Community Service

Serving Low-Income Populations Requires Innovation

‘We must be creative at applying the tools we have as effectively as possible.’

June 17, 2013
/ PRINT / ShareShare / Text Size +
Bill Bynum
Low-income communities need credit unions to be creative, says community development innovator William Bynum.
These hard-hit areas need relief from payday lenders, more public and private investment, and greater access to mainstream financial products and services, he says. But achieving these aims is "hard and it is getting harder.
"Let's not fool ourselves—it is really tough out there," says Bynum, CEO of $161 million asset Hope Credit Union, Jackson, Miss., and its sponsor, Hope Enterprise Corp.
The organizations provide commercial financing, mortgages, and technical assistance for businesses, entrepreneurs, home buyers, and community development projects in the economically distressed areas of Arkansas, Louisiana, Mississippi, and Tennessee.
"We really have to be creative at taking the relatively limited tools that we have at credit unions and applying them as effectively as possible," Bynum says.
He says credit unions seeking to serve low-income populations should focus on:
► Serving the unbanked and underbanked. A mass exodus of banks from low-income communities has occurred in recent years, followed by growth in payday lending outlets in these areas. Credit unions need to find ways to close the gap.
► Influencing investors. Credit unions should work with private investors as well as governments to bring resources into communities that need development.
“Credit unions are a drop in the bucket relative to the need that is out there,” Bynum says. “So we have got to influence the big buckets of resources.”
► Efficiencies. Investigate cooperative approaches—and mergers where they make sense—to keep services in the communities that need them and to manage expenses.
Microbranches and mobile services can be effective in serving low-income communities, he says.
“We think [mobile apps] will allow us to be in communities where we can’t have a physical presence,” Bynum says. People “can have the power of the branch in their hands.”
Since 1994, Hope Enterprise Corp. has generated more than $1.7 billion in financing for entrepreneurs, homebuyers, and community development projects, and assisted more than 130,000 individuals in low-income communities.
Bynum addressed the 2013 Annual Conference of the National Federation of Community Development Credit Unions in Baltimore.

Post a comment to this story


What's Popular

Popular Stories

Recent Discussion

Great article! Unfortunately, most employees don’t feel valued or appreciated by their supervisors or employers. In fact, research has shown that the predominant reason team members quit their jobs is because they don’t feel valued. This is in spite of the fact that employee recognition programs have proliferated in the workplace – over 90% of all organizations in the U.S. has some form of employee recognition activities in place. But most employee recognition programs are viewed with skepticism and cynicism – because they aren’t viewed as being genuine in their communication of appreciation. Getting the “employee of the month” award, receiving a certificate of recognition, or a “Way to go, team!” email just don’t get the job done. How do you communicate authentic appreciation? We have found people have different ways that they want to be shown appreciation, and if you don’t communicate in the language of appreciation important to them, you essentially “miss the mark”. Additionally, employees need to receive recognition more than once a year at their performance review. Otherwise, they view the praise as “going through the motions”. A third component of authentic appreciation is that the communication has to be about them personally – not the department, not their group, but something they did. Finally, they have to believe that you mean what you say. How you treat them has to match the words you use. If you are not sure how your team members want to be shown appreciation, the Motivating By Appreciation Inventory ( will identify the language of appreciation and specific actions preferred by each employee. You then can create a group profile for your team, so everyone knows how to encourage one another. Remember, employees want to know that they are valued for what they contribute to the success of the organization. And communicating authentic appreciation in the ways they desire it can make the difference between keeping your quality team members or having a negative work environment that everyone wants to leave. Paul White, Ph.D., is the co-author of The 5 Languages of Appreciation in the Workplace with Dr. Gary Chapman.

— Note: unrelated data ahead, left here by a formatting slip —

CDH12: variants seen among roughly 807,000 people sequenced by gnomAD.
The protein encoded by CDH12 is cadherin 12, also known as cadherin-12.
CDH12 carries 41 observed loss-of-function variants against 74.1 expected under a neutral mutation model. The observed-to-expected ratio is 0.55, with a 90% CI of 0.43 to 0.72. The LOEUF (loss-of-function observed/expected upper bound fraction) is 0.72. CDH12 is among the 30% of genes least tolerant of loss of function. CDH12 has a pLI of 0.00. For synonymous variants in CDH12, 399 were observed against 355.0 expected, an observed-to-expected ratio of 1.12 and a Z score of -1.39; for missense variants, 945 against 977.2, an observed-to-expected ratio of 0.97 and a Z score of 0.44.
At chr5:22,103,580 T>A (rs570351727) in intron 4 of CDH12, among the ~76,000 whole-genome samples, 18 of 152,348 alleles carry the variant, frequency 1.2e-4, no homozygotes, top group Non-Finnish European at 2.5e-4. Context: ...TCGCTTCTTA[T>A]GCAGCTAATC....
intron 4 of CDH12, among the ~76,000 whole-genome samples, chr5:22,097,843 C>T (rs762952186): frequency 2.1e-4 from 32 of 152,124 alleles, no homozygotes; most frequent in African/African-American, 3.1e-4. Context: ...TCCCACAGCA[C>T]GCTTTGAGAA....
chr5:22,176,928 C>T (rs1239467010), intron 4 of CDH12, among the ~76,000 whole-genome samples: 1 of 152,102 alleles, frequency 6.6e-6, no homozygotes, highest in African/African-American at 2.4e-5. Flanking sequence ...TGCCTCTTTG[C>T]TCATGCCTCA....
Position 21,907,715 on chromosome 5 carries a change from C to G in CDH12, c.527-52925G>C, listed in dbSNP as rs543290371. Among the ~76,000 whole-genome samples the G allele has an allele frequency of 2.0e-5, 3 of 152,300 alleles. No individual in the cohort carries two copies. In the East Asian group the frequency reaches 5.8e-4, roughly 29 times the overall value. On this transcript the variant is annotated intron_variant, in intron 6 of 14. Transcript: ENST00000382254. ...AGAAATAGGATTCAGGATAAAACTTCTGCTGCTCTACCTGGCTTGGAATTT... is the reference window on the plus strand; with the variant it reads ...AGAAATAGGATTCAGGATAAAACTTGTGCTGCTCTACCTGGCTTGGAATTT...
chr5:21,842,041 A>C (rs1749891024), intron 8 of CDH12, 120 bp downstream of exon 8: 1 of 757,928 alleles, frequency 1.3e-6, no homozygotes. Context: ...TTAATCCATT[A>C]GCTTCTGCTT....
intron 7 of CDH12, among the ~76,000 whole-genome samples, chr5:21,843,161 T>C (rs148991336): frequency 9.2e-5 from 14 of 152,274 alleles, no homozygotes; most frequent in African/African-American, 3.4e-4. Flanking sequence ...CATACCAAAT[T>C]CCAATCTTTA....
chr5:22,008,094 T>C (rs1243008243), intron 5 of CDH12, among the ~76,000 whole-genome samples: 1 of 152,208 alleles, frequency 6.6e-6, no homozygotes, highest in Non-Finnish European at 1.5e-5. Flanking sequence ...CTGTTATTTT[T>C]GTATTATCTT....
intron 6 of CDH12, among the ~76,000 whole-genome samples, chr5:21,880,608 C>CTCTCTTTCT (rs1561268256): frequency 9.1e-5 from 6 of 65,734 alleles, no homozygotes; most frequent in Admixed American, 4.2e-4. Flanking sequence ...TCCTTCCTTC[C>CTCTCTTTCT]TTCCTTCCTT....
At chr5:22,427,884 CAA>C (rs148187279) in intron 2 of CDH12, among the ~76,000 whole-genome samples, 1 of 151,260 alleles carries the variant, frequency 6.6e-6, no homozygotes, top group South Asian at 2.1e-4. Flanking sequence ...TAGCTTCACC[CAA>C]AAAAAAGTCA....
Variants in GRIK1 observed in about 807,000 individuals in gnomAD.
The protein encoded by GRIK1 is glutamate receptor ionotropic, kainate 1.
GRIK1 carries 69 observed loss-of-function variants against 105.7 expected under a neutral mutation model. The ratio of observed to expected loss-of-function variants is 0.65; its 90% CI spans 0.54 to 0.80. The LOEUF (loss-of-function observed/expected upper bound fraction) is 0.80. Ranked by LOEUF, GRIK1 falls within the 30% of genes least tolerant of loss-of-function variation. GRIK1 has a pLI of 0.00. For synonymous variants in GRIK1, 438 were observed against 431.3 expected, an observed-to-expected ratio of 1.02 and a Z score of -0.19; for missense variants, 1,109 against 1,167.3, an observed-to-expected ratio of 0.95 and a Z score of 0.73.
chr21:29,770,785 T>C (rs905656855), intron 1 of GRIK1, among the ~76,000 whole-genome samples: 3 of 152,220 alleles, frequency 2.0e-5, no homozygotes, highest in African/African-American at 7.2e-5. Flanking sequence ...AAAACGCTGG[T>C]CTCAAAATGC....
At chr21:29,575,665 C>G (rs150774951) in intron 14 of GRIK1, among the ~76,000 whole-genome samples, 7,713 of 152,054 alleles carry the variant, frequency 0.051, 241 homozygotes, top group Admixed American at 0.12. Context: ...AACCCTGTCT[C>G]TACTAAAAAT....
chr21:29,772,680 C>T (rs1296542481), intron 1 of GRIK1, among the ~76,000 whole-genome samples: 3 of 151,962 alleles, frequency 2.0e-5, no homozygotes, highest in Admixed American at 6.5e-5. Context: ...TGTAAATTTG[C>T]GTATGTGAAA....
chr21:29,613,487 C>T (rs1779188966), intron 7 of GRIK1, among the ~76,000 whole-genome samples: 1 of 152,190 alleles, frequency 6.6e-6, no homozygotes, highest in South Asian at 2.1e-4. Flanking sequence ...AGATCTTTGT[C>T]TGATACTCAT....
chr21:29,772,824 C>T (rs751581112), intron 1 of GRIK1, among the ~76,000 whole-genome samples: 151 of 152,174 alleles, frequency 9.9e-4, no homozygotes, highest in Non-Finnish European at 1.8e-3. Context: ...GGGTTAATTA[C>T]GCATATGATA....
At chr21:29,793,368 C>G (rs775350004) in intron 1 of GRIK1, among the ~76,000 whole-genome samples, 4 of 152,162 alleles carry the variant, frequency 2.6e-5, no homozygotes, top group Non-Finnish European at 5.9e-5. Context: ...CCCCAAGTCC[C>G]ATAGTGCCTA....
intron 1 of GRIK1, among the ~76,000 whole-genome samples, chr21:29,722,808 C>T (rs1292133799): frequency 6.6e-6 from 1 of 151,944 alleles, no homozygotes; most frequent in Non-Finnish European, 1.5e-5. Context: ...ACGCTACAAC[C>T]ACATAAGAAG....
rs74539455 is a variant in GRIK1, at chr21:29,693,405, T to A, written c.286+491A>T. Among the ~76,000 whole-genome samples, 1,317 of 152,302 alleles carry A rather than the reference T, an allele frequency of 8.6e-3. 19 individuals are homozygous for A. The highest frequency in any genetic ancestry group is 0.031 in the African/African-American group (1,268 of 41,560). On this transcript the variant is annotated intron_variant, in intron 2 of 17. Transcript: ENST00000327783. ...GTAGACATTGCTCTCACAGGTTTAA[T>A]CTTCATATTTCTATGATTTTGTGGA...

Your Say: Who should be Credit Union Magazine's 2014 CU Hero of the Year?

View Results Poll Archive